Remember that all measurements are approximate. Southern cooks don't measure like normal people. I'll explain in another blog. I'm going to start with a true southern favorite: sausage gravy because you make it a little different.

1 tube of breakfast sausage. Most people prefer the hot breakfast sausage. I also like the sage flavored one but it's your choice.
1/4 cup sausage grease and vegetable oil if it needs it to make 1/4 cup.
3/4 up flour
3 - 4 cups milk
salt and pepper

Break the sausage up into a skillet. Keep breaking it up as it fries. Fry the sausage slowly because you want to render as much fat as possible out of the meat. Don't just fry until sausage is done. Cook it a little longer to get out as much fat as possible. Place a strainer over a bowl. With a slotted spoon, remove sausage from the pan, place in the strainer and let drain for about 10 minutes.

Place sausage grease back in skillet adding enough vegetable oil to make about 1/4 cup. Heat oil, scraping all the sausage goodies off of the bottom of the pan.

Add about 3/4 cups of all purpose flour, a little at a time, mixing it with the oil. Keep adding until it begins to "come together". Making sure to keep stirring the mixture off of the bottom of the pan, and keep cooking until it begins to turn a little brown.

Stirring constantly, start adding milk, a little at a time, and incorporating with the flour mixture each time before adding more. Keep heat where the mixture will simmer. You can add a little more milk if needed to thin gravy a little but you want it thick.

Add a little salt to taste and go a little heavy on the pepper.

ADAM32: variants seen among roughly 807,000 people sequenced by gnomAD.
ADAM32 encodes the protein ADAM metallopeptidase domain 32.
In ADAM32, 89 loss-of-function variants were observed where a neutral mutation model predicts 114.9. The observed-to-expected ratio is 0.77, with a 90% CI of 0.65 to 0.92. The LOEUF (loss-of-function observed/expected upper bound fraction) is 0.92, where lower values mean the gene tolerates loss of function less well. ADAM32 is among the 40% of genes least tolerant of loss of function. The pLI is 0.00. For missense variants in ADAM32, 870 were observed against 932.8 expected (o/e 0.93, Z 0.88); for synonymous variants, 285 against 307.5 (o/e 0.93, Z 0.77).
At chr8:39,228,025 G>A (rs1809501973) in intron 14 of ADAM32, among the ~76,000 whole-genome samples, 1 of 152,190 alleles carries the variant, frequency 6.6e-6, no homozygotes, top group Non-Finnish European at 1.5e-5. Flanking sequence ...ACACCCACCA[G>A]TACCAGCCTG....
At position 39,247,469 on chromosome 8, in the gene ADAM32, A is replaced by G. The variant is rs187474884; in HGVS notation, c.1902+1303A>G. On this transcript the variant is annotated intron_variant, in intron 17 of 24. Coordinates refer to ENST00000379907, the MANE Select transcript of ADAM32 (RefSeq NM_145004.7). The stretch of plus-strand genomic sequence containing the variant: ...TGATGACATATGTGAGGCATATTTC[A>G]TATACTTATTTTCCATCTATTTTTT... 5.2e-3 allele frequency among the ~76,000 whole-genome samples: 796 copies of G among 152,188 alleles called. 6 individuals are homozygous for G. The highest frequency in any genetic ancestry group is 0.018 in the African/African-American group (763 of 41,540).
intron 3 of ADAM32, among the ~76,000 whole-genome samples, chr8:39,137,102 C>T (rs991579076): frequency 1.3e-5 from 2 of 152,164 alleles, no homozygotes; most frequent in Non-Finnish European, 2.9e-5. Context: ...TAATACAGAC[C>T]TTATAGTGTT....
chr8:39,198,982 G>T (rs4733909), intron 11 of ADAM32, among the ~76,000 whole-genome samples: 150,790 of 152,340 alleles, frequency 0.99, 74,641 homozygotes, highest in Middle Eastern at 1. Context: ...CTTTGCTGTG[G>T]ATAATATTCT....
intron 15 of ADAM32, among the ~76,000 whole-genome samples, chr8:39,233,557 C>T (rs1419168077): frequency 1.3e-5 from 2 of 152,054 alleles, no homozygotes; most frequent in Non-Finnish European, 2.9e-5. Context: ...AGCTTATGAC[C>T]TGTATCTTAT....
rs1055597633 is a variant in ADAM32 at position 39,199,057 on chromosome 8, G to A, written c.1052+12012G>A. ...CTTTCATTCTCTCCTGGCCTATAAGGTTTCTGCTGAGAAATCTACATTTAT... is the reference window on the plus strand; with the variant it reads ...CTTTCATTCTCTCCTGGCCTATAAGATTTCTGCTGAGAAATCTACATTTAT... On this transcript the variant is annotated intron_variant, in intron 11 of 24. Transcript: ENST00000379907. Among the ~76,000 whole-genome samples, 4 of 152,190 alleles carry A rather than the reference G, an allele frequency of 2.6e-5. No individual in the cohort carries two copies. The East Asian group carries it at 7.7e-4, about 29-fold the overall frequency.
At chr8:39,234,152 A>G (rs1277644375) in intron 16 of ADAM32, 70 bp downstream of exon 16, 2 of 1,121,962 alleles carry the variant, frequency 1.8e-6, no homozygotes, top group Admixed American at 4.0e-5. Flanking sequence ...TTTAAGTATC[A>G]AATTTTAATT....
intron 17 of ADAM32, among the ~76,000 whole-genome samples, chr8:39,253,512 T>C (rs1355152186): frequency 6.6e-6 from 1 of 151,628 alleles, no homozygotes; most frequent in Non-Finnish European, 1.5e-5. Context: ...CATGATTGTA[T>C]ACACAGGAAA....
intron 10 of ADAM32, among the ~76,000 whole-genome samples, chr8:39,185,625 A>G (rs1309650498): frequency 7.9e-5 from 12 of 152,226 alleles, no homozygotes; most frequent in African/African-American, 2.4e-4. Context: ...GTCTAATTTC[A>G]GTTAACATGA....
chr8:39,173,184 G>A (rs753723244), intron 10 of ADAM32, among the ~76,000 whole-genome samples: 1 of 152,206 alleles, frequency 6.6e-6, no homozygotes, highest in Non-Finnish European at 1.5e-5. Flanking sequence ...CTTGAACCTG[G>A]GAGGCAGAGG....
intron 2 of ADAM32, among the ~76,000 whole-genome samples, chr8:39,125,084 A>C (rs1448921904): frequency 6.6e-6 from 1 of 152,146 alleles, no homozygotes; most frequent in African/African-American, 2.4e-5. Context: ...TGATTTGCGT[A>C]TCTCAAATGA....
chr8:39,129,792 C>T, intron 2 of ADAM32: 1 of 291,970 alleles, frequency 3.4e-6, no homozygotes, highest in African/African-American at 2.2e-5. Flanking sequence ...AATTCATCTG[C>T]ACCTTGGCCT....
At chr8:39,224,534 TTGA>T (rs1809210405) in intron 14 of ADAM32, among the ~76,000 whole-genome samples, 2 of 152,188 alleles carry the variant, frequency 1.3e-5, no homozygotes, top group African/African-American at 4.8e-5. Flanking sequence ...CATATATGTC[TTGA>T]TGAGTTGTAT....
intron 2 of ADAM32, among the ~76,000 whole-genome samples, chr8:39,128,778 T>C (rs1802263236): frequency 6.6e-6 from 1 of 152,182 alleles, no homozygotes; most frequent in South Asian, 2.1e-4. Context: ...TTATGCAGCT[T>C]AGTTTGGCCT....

Add sausage back into gravy, stirring in until sausage is hot.

Serve over biscuits, even canned biscuits are delicious. If you have no biscuits, you can serve over toast.

All of the other gravies are made using the grease from where bacon, chicken or something like that has been fried.

Basic cream gravy is just made with the oil, flour and milk. It's wonderful over mashed potatoes. If you're in the South you might even see it over french fries, hash browns, or used as a dip for eggs or meat.

This is how I use up those left over Easter eggs.

I use a stick of butter.
3/4 cup flour
 3 - 4 cups milk
Quite a bit of pepper
Salt to taste
and make cream gravy like above.

The difference is after gravy is made, I chop up hardboiled eggs in it. Then I serve over toast.

If I have any ham left over, I will add the ham. However, if you use ham, go really easy on the salt because the ham will add salt.

Wednesday, March 14, 2012


When the kids were still home, there was always a ton of hard boiled eggs that got colored and hidden on Easter morning. When you have that many eggs, you need a way to use them up pretty quickly so they don't spoil. I mean you can only eat so many Easter eggs before you start to choke whenever you look at them.

Since Easter is a few weeks away, I thought I'd concentrate for the next few blogs on quick, easy recipes to use up those eggs and treat your family to some special meals too.